In “Milky Way,” an art installation crafted from recycled plastic milk jugs, artist Weiling He, an associate professor of architecture at Texas A&M University, demonstrates how “design and labor can transform common household waste — the ugly — into the beautiful.”
The installation, a community art project realized with help from a host of volunteers, debuted at a public reception Dec. 4 at the Brazos Valley African-American Museum, 500 West Pruitt St. in Bryan.
The project, orchestrated by the Texas A&M College of Architecture Diversity Council in partnership with the museum, will be on exhibit through January 2016.
Crafted from 2,500 used milk jugs cut into more than 10,000 pieces, fastened together and installed on the museum’s patio, He said “Milky Way” explores aesthetic reassignment. It showcases the potential for discarded objects, even trash, to assume aesthetic qualities that evoke pleasure.
“Mass-produced plastic milk jugs become waste after their use, but, held up to the light, they are transparent, bright, and even delicate and airy when clustered,” she said. “Is there a way to give discarded jugs a new life? Are the jugs waste, or have we just not found a way to redirect the ugly to the beautiful?”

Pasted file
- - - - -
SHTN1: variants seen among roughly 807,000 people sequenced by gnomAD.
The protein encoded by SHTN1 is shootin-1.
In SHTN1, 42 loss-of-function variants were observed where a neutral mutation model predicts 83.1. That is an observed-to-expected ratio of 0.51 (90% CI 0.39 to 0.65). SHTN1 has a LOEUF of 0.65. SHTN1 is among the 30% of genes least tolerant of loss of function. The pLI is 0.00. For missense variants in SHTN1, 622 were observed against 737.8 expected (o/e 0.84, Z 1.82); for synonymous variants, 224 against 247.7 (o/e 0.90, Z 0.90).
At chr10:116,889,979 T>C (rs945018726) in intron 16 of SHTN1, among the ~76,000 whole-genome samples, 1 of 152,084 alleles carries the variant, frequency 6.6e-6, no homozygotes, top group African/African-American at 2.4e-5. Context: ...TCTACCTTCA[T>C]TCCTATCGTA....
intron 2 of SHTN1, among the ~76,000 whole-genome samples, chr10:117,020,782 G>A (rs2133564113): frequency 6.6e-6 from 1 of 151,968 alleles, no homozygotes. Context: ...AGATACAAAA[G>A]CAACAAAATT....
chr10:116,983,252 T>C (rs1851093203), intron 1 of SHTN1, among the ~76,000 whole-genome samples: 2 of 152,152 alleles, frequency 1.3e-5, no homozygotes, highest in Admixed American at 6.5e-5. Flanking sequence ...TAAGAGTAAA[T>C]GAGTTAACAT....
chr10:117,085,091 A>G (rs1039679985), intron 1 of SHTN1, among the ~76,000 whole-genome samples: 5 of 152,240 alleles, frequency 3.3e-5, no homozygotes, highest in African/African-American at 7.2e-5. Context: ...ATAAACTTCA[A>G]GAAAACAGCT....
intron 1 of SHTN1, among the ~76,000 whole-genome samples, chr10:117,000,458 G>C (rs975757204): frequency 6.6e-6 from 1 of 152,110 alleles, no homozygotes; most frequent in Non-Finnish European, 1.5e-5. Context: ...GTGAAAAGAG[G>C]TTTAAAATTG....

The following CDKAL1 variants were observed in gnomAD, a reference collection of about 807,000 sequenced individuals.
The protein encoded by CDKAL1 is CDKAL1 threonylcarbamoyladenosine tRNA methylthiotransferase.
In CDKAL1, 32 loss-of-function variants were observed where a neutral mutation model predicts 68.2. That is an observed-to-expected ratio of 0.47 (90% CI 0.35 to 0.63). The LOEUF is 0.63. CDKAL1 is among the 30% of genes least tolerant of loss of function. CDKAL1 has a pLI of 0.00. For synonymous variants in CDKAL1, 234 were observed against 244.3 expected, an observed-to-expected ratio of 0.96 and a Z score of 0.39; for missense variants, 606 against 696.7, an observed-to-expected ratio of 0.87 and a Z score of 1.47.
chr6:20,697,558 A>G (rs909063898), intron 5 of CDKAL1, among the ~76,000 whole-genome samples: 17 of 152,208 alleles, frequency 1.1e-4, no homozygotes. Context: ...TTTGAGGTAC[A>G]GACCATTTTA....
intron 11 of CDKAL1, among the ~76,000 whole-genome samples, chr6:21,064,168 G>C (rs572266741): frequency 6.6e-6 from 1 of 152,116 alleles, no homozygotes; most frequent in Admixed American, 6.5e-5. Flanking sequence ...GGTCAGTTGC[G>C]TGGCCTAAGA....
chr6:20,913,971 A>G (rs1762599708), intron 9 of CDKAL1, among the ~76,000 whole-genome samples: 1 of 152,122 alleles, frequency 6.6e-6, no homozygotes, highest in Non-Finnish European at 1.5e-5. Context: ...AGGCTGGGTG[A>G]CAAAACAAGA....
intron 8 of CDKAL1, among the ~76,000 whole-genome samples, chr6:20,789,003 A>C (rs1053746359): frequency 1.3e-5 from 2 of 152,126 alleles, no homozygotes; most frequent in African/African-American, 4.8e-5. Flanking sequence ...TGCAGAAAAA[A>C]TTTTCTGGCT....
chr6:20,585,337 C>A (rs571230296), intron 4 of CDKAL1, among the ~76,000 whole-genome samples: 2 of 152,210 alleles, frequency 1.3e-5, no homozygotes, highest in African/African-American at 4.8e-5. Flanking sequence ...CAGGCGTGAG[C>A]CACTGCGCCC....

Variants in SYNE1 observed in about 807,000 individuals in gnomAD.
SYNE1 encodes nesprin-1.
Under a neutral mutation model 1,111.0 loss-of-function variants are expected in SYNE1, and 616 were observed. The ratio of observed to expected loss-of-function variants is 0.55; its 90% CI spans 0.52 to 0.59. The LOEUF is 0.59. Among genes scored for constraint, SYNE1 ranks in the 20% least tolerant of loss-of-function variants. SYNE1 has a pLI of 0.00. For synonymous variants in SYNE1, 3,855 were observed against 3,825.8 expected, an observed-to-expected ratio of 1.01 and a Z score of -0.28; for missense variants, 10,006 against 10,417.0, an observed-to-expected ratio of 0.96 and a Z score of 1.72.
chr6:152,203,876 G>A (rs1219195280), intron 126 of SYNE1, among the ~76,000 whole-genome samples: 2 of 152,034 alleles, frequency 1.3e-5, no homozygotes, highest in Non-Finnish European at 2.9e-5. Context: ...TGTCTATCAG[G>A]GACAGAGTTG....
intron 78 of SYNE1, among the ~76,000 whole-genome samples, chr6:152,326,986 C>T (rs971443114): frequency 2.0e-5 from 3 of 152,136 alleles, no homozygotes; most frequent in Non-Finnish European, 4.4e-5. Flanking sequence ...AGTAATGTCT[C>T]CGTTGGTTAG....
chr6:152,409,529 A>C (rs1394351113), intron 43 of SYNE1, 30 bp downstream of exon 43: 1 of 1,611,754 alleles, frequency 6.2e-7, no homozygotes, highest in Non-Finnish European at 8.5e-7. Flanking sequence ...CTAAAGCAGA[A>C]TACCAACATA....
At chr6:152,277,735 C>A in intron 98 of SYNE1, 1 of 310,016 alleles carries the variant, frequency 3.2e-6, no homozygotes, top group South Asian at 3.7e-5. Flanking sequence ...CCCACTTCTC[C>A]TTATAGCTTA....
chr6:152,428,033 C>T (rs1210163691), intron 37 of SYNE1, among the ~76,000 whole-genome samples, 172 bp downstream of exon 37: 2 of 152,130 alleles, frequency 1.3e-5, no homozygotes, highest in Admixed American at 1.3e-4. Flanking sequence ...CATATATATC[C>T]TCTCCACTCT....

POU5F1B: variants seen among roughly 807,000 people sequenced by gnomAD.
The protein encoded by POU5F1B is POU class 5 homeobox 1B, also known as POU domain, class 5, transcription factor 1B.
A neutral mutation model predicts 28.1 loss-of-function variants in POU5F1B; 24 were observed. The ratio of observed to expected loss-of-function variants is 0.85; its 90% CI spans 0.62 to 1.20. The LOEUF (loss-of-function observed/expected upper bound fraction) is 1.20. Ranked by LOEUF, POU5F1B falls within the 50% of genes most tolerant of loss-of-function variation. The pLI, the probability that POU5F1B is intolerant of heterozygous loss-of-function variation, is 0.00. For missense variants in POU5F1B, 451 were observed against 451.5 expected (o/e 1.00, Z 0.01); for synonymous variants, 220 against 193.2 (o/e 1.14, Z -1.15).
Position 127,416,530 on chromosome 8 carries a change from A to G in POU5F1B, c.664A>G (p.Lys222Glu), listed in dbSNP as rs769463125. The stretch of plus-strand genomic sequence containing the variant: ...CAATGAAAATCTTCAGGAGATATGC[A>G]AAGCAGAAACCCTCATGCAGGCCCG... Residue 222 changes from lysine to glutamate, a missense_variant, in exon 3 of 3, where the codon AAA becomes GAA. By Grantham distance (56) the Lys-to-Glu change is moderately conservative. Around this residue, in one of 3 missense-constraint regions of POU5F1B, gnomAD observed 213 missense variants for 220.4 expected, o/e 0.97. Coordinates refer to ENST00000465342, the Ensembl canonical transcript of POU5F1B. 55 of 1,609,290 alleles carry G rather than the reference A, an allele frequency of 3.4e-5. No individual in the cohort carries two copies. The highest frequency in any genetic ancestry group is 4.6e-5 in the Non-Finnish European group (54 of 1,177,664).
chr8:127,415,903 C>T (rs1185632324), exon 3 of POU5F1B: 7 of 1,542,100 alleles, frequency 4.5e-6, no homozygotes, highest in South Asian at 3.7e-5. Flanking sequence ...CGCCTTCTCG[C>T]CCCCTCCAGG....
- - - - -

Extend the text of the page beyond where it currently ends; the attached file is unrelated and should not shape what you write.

The process of transforming everyday objects into art leads one to ponder societal values, said He. “Can the mundane become valuable?” she asked. “Is value inherent? Is recycling an economic solution or an ethical position?”
Volunteers from throughout the Brazos Valley community, including students from Bryan and College Station high schools and middle schools, Texas A&M students and folks affiliated with the museum, were involved in the collecting, preparing and assembling of materials for the installation.
Volunteers started collecting and cleaning the milk jugs for the project more than a year before it was assembled and installed at the museum.
As the jugs were collected, Jim Titus, woodshop supervisor for the College of Architecture, prepared each piece, strategically cutting the jugs to He’s specifications.
For 14 Saturdays leading up to the Dec. 4 unveiling, volunteers gathered at the museum to punch holes in the plastic pieces that facilitate the cords and zip ties holding the installation together.
The volunteers were organized by He, Oliver Sadberry, curator of the museum, and Cecilia Giusti, the college of architecture’s associate dean for outreach and diversity. Sadberry and Giusti partnered to curate the project.
Once woven together, He’s final “Milky Way” design was installed over the museum’s patio with engineering oversight from John Nichols, an associate professor of construction science who devised a system for hoisting the artwork into place.
He and Nichols also collaborated to create “Plastic Poetry,” a massive piece that consisted of 14,000 plastic grocery bags that was installed on the University of Texas campus in 2013.
In March 2014, He created another art installation using large plastic jugs, “Cloud Igloo,” at the Royal Institute of Art in Stockholm, Sweden.